It looks like ladies don’t need a man, after all. Well, lady snakes, that is. To their surprise, the staff at the Louisville Zoo welcomed 6 new reticulated python babies in 2012 from a mother snake, which actually wasn’t the weird part.
What was more surprising was that the mother snake, aka Thelma, had never come in contact with a male snake during its entire 11-year life–producing the babies via a “virgin birth” or Parthenogenesis. Parthenogenesis is “a form of asexual reproduction in which growth and development of embryos occur without fertilization.”
As explained in a Huffington Post article about another virgin snake birth, “[births without contributions from a male are] caused when cells known as polar bodies, which are produced with an animal’s egg and usually die, behave like sperm and fuse with the egg, triggering cell division.”
To further prove investigate this amazing phenomenon, the staff at the zoo had shed skin from both the babies and the mothers compared on a molecular level and found that 100% of the baby snakes’ DNA was from the mother. As one of the largest snake species in the world, the Louisville Zoo was thrilled to have such unique, “immaculate” snake specimen. (As one of the largest snakes in the world, reticulated pythons can also eat very large dinners…in one case, a whole pig!)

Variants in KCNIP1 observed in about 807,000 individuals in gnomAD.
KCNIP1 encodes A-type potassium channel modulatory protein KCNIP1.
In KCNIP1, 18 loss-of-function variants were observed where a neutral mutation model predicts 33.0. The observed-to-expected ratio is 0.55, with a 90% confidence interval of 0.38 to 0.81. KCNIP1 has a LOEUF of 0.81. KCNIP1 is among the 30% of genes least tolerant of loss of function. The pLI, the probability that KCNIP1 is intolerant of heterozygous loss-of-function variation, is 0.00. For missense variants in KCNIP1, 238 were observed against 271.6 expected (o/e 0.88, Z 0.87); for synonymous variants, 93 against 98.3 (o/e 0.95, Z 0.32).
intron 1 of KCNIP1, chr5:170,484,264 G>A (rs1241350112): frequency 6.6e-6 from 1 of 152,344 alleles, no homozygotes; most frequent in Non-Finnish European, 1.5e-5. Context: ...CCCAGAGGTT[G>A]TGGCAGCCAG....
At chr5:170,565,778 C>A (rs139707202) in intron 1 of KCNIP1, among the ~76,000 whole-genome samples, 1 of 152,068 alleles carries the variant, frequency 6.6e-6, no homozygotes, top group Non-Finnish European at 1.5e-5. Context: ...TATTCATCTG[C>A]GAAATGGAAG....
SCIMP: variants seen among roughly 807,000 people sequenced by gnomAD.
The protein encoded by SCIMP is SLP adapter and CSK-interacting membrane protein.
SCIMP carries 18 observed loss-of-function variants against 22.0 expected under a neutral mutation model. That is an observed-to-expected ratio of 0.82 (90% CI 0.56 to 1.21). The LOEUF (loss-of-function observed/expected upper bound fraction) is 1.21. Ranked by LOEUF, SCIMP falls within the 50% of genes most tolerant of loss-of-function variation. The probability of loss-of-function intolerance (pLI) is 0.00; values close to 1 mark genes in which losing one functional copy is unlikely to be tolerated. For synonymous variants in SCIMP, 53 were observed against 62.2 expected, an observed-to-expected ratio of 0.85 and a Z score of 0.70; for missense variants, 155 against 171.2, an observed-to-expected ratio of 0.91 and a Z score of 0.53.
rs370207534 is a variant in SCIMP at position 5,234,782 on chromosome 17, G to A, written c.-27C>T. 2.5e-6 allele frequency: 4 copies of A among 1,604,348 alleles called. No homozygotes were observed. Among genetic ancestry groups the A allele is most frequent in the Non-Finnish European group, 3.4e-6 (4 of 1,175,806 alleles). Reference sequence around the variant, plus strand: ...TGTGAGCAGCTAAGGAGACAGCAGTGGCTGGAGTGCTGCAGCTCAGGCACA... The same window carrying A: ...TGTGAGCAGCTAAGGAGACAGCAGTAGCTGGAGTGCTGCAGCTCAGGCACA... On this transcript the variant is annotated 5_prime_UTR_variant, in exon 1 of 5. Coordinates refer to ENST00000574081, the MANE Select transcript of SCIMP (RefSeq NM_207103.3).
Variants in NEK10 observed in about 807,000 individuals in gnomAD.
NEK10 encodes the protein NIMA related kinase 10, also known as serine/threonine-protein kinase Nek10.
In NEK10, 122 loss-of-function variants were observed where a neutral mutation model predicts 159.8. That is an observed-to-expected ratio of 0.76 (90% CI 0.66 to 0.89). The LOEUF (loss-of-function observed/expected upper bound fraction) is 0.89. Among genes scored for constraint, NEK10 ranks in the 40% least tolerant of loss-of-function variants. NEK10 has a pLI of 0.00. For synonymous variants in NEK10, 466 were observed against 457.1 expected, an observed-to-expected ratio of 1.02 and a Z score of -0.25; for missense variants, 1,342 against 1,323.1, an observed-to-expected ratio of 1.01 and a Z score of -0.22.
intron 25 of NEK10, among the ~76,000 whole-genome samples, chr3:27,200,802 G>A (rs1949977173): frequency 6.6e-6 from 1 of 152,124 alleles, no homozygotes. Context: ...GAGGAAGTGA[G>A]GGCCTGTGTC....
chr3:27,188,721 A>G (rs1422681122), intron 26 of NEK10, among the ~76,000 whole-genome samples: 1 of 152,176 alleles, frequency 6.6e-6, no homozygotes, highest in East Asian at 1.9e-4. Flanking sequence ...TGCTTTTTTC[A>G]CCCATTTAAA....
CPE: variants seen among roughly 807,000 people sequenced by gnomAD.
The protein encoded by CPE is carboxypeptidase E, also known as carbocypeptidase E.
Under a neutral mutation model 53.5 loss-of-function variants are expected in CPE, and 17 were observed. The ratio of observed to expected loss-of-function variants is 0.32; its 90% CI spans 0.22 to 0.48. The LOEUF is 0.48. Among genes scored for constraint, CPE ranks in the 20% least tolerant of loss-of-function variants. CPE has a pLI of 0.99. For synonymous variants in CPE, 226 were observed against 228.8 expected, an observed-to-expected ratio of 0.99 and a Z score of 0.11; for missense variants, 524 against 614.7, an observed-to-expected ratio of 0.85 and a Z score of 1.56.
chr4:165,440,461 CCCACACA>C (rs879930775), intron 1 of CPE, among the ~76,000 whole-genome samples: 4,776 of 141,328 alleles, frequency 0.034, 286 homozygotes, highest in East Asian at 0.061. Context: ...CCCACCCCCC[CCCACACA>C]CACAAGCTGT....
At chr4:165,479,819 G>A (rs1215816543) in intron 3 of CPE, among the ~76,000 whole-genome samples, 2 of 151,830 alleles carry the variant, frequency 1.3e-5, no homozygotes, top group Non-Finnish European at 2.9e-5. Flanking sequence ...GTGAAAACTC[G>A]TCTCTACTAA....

While the reticulate python birth was the first documented instance of Parthenogenesis in that species, “virgin births” have also been known to occur in some species of fish, amphibians, birds, and reptiles, but not in mammals (yet…).